Likely you landed on this article because you are excited about React Native. Awesome! If you have a team of web engineers and a brand new app, it’s easy to make a case for starting with React Native.
However, most companies already have apps in the stores. They used native stack to build their apps: Xcode or Android Studio. React Native can add value for these companies too, but making a hybrid app comes with some challenges.
During the last 4 years I helped integrate React Native into Facebook and Oculus apps. Here are a few lessons I learned.
Start with Empathy
Wait, start with what?
Understand the people who work on your project—that’s the first step to successful integration.
Your boss (project manager, director, CTO, etc.) is responsible for the app hitting the market with little risk, short timeline and maximum impact. Companies already operate in very competitive environment. To them any new technology is a risk.
Your colleagues have a different perspective as well. They have experience building apps with the “native” technology stack. They know how to format strings, build UIs, access network, write and debug code in the IDE. Switching to a completely different ecosystem is very uncomfortable. There’s natural resistance to getting out of the comfort zone.
This might not sound very encouraging, but be willing to accept a defeat. There are so many scenarios where React Native can be very beneficial. But there are also valid situations where it doesn’t make sense at a particular time. And it’s okay. Maybe in a few months you can revisit this decision. The last thing you want is to polarize your team and ruin constructive work relationships.
To fight existing misconceptions, prove them wrong on a real feature inside your app (without making other people feel stupid).
This guide assumes you are integrating React Native into an existing application and already have a big chunk of functionality written using platform-dependent code. Rewriting it all is a huge risk with very little benefit to your users and business. That’s why it will be extremely hard to convince your team and people responsible for the project to do so.
But you don’t have to rewrite your application! React Native can be adopted incrementally.
Find an area in your application that will immediately get benefits from being implemented in React Native. For example, it could be a screen that is useful but but doesn’t get much development attention or a surface that’s implemented as a WebView. For example, Facebook started with Pokes, Instagram rebuilt “liked photos”, etc.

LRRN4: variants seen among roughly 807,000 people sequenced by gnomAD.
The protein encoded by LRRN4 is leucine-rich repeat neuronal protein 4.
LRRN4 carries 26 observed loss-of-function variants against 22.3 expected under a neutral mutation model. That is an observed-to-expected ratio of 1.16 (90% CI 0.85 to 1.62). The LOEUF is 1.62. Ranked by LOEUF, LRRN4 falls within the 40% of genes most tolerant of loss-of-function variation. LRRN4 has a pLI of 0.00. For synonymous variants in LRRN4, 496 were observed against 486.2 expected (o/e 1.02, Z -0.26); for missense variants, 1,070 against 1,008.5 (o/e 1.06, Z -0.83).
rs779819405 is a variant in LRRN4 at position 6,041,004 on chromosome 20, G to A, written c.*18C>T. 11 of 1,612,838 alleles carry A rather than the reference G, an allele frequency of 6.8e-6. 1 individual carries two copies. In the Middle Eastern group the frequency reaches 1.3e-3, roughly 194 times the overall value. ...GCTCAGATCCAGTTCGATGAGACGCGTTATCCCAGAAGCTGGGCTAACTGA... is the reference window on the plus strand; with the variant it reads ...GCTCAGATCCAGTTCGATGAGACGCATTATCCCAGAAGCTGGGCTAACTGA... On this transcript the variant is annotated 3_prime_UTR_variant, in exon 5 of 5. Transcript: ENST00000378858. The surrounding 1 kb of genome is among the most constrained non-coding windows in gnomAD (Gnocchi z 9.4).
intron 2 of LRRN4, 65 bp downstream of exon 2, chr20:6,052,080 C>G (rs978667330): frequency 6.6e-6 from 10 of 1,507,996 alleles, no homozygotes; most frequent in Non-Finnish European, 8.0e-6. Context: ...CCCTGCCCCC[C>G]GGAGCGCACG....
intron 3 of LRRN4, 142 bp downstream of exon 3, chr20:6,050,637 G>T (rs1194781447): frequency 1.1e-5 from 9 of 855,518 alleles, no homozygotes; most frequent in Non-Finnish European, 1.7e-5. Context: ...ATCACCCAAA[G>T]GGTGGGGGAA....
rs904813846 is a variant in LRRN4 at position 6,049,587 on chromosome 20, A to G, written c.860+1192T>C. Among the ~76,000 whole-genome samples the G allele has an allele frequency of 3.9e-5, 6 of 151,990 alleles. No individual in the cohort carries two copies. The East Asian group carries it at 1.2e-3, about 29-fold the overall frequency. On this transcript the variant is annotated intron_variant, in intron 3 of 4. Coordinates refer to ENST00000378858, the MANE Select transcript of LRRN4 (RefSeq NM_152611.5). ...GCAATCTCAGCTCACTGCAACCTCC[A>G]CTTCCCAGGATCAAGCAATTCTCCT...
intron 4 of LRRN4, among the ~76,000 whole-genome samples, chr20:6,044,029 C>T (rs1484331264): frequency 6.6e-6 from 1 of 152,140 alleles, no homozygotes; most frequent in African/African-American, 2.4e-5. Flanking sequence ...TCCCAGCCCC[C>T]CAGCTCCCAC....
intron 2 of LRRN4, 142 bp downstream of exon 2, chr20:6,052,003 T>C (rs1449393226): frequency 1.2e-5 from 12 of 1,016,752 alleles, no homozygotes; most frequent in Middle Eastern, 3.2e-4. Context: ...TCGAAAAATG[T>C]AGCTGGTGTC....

It has to be with a scope that you can build yourself within few days. It will be a great campground to test different aspects of integration: build system, session sharing, logging, crash reporting, etc.
Bonus points for making the new feature run on both iOS and Android. Suddenly, something that used to take a lot of engineering time and coordination, was created by one person in a short time frame.
Show, don’t tell.
Be a champion
You can’t just say “Let’s use React Native” and hide in the bushes.
Become the React Native champion at your company. Take the responsibility to see this idea through.
The first step to becoming a champion is to get more familiar with React Native. Create a few prototypes (by rebuilding some parts of your app), learn architecture, be ready to give demos and help people get started.
Engineers who are coming from native will most likely feel uncomfortable and overwhelmed by the new ecosystem. Create an environment where getting started with React Native is super easy:
- Have an internal wiki page with step-by-step instructions on how to get started. Think of it as a “landing page” of React Native in your organization.
- Build a script that automates environment setup: installs NodeJS and other dependencies, runs yarn install, etc.
- Setup good IDE defaults. You can’t ask IntelliJ users to configure and use VIM. Document or commit configs that make it much easier to get started with React Native. For example: editor recommendations, plugins, syntax schemes, keyboard shortcuts, etc.
- Organize a tech talk or a small hackathon where your team can learn about React Native and try it together on a small project.
- Create a place to ask questions, have discussions and hang out. Maybe a
#react_nativechannel on Slack, group, email list, etc. Be there to answer questions.
Super important: if there are people who don’t want to deal with React Native, make sure their development experience is not compromised. They should be able to work the same way as before without having to know or do anything about React Native.
If you want to convince somebody to use React Native, ship a feature in your app that wouldn’t have been possible without it.
I hope this small guide gives you few ideas on how to get started. It’s only the beginning.
Lots of big and small companies use React Native in their hybrid apps. Unfortunately, very few of them share the details. I think it’s mostly because some aspects of the integration are specific to their infrastructure and it doesn’t feel useful to talk about these.
But there are many common things. I hope to follow-up this blog post with “How to scale React Native at your organization”.
Hi! My name is Alex. I’m a software engineer at Facebook, where I work on React Native, Oculus and Messenger. I love thinking about development experience.
I write about programming, software design and side projects Subscribe